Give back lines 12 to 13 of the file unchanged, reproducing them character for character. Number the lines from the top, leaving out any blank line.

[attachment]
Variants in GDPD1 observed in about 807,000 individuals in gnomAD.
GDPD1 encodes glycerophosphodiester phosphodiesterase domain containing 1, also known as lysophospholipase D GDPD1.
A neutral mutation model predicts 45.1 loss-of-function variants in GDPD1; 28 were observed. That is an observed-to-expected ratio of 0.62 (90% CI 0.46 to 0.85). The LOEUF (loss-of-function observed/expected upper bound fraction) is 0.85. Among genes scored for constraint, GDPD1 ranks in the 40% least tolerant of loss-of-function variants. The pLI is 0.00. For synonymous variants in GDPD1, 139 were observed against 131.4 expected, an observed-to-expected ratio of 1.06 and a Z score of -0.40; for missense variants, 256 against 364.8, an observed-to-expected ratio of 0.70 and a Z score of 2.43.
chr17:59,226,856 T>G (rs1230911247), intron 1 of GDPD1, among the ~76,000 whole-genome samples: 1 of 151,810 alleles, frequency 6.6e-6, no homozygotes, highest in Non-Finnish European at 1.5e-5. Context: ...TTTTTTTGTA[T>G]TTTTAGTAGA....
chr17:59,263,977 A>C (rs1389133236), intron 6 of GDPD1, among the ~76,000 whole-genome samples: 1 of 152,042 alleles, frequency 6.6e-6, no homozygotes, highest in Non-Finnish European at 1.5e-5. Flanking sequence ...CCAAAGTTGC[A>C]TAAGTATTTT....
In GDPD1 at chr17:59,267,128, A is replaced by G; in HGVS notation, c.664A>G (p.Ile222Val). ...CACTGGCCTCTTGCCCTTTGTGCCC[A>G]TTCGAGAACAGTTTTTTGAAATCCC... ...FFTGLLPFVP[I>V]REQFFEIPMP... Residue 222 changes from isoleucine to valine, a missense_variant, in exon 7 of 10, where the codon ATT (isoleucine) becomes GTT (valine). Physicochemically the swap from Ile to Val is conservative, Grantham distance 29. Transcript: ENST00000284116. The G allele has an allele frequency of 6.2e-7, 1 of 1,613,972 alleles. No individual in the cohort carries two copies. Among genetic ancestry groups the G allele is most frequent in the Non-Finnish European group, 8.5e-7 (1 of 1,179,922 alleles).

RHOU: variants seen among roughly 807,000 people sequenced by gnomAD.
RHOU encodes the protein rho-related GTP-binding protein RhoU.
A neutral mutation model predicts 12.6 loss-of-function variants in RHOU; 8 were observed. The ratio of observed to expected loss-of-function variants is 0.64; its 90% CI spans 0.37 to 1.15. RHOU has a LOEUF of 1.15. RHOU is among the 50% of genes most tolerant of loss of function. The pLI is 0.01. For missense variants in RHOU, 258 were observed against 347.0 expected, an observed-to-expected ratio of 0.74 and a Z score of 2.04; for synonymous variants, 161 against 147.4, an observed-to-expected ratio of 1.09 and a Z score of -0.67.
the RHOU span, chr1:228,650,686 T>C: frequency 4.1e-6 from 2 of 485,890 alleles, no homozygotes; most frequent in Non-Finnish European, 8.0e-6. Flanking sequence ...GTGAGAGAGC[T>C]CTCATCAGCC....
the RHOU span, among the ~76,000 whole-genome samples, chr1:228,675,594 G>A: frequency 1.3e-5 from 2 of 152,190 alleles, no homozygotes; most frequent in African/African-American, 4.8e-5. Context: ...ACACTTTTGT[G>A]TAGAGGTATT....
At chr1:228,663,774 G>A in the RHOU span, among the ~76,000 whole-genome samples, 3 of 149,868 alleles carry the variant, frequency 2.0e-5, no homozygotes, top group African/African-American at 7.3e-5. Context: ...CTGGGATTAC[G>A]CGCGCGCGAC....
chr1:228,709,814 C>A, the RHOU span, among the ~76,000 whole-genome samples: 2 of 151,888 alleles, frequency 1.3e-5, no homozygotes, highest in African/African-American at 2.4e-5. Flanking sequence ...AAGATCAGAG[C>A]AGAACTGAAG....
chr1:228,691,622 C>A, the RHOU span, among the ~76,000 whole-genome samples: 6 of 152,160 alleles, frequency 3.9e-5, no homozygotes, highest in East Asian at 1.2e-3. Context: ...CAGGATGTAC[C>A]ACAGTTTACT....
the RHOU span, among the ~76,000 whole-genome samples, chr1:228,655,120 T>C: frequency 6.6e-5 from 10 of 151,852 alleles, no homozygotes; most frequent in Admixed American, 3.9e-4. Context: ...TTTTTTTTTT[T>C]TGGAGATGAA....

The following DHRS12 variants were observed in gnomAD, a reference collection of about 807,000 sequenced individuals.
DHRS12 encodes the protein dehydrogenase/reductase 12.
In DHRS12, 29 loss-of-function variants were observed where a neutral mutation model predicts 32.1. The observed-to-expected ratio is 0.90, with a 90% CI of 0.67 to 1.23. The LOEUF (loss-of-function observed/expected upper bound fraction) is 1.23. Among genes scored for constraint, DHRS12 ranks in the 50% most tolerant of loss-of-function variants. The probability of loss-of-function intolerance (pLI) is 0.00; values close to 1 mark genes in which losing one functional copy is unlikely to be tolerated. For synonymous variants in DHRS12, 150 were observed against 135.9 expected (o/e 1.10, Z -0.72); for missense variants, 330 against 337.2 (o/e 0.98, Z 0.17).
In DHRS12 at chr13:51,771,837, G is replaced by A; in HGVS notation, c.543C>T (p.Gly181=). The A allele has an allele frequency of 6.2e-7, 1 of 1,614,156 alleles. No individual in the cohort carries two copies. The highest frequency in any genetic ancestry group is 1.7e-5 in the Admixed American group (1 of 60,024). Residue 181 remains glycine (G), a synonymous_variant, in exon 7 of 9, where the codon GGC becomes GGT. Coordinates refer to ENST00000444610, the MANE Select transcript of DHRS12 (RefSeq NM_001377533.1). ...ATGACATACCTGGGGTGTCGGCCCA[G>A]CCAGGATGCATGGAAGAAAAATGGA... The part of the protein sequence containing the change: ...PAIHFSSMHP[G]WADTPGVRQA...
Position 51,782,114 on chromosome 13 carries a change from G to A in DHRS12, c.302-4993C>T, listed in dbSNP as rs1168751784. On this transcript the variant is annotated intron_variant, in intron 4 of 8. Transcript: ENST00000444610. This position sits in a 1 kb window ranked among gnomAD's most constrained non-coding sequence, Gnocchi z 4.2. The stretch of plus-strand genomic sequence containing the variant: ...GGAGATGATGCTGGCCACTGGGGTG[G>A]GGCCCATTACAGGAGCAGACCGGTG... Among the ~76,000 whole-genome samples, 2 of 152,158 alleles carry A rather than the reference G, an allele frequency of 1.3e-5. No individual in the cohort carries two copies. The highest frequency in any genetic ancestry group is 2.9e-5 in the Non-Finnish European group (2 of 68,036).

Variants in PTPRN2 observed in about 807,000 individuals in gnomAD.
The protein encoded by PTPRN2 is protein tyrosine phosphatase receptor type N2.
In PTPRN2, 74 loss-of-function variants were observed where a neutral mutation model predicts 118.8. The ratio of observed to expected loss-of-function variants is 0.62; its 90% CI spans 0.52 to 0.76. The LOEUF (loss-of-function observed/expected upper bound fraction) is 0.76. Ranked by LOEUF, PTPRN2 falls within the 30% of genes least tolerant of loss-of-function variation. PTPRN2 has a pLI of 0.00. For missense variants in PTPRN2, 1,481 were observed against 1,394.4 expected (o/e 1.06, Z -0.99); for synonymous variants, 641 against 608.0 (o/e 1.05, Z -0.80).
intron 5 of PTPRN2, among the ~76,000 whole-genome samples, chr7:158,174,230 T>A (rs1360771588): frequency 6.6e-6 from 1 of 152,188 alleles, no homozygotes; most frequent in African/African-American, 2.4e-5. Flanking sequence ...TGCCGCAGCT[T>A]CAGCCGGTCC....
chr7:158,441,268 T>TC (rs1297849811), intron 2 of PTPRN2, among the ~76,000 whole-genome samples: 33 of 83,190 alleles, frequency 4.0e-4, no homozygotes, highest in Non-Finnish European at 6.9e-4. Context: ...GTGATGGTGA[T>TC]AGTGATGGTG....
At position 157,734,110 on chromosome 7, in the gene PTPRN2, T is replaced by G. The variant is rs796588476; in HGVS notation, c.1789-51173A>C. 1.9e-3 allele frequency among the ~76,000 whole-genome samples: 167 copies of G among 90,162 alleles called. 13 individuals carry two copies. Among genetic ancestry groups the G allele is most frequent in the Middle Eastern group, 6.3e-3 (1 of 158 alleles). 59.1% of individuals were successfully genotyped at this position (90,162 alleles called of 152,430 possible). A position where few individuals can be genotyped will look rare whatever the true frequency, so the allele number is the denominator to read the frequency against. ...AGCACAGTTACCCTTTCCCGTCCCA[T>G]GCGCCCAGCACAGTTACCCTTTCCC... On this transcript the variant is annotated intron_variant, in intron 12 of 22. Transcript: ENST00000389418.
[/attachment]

At chr1:228,663,774 G>A in the RHOU span, among the ~76,000 whole-genome samples, 3 of 149,868 alleles carry the variant, frequency 2.0e-5, no homozygotes, top group African/African-American at 7.3e-5. Context: ...CTGGGATTAC[G>A]CGCGCGCGAC....
chr1:228,709,814 C>A, the RHOU span, among the ~76,000 whole-genome samples: 2 of 151,888 alleles, frequency 1.3e-5, no homozygotes, highest in African/African-American at 2.4e-5. Flanking sequence ...AAGATCAGAG[C>A]AGAACTGAAG....